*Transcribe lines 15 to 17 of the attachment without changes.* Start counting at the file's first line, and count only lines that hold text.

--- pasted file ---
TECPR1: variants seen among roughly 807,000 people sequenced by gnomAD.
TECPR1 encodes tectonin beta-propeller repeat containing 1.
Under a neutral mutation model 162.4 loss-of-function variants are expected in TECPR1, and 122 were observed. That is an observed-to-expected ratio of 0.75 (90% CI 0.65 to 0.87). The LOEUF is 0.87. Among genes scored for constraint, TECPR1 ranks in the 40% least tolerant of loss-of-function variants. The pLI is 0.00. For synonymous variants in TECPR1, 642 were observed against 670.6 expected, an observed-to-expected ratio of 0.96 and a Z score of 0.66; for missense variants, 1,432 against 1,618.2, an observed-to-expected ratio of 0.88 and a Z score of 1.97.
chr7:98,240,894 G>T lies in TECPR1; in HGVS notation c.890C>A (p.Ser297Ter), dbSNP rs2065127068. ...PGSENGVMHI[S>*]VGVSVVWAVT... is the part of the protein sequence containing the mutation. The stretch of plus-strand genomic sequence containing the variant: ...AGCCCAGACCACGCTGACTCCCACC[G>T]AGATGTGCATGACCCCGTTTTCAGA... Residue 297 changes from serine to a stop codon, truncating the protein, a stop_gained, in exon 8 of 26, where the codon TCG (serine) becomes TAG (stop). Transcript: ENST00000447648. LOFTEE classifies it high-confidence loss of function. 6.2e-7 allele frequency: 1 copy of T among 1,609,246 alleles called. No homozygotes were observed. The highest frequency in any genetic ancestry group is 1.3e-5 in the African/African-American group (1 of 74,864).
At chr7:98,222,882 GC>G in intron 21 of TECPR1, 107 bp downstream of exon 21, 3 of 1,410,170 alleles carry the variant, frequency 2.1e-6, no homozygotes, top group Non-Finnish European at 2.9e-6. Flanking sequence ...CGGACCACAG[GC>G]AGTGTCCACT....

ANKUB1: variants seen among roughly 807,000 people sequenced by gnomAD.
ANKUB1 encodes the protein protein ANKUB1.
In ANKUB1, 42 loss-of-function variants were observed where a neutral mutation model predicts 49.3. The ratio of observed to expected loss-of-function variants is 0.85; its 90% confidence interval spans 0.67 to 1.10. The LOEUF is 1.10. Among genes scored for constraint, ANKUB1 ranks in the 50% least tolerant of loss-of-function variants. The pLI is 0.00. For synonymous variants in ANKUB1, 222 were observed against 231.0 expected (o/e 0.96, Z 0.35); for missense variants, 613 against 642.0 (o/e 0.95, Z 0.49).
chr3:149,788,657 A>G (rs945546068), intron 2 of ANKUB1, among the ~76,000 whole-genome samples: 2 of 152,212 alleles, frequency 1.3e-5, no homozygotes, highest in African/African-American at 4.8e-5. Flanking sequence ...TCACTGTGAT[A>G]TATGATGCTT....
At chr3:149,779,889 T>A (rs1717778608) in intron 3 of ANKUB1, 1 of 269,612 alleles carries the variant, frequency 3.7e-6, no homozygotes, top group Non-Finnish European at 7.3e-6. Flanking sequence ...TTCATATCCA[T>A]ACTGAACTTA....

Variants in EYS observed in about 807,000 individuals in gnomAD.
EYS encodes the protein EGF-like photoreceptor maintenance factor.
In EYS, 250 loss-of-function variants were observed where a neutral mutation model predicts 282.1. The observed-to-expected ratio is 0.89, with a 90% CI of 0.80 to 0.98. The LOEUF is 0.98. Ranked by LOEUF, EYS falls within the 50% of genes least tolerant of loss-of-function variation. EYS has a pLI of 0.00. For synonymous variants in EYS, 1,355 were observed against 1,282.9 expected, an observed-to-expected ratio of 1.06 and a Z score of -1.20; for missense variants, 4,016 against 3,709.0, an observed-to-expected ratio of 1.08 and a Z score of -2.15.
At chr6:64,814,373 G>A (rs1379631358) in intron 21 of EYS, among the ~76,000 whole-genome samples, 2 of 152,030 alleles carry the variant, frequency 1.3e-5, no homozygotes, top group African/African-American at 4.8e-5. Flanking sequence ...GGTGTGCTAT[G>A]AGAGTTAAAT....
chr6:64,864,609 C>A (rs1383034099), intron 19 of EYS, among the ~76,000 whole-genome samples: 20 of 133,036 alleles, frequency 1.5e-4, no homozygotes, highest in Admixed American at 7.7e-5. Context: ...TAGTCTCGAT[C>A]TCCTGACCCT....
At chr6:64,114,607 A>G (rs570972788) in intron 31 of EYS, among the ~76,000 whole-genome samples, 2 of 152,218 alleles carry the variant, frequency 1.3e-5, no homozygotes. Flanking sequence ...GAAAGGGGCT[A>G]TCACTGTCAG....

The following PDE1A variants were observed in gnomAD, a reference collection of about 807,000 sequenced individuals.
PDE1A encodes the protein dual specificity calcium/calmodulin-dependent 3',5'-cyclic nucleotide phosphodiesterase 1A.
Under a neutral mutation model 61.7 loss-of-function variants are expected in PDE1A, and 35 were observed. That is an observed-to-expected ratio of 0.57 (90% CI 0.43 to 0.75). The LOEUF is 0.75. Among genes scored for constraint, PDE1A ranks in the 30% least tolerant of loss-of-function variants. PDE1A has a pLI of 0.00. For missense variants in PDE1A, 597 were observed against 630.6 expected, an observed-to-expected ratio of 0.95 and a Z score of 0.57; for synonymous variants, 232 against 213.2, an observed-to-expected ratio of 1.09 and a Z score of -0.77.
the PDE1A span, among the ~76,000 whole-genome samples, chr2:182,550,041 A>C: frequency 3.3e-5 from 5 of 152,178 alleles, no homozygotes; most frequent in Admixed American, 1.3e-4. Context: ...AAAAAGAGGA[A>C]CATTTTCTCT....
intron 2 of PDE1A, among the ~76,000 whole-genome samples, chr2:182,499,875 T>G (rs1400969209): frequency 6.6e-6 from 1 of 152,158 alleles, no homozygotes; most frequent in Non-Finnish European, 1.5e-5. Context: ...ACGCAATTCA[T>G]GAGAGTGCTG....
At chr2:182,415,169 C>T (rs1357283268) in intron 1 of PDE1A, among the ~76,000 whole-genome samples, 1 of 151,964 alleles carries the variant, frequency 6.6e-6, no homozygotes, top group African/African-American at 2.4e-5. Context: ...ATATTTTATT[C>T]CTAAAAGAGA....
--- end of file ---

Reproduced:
chr6:64,864,609 C>A (rs1383034099), intron 19 of EYS, among the ~76,000 whole-genome samples: 20 of 133,036 alleles, frequency 1.5e-4, no homozygotes, highest in Admixed American at 7.7e-5. Context: ...TAGTCTCGAT[C>A]TCCTGACCCT....
At chr6:64,114,607 A>G (rs570972788) in intron 31 of EYS, among the ~76,000 whole-genome samples, 2 of 152,218 alleles carry the variant, frequency 1.3e-5, no homozygotes. Flanking sequence ...GAAAGGGGCT[A>G]TCACTGTCAG....

The following PDE1A variants were observed in gnomAD, a reference collection of about 807,000 sequenced individuals.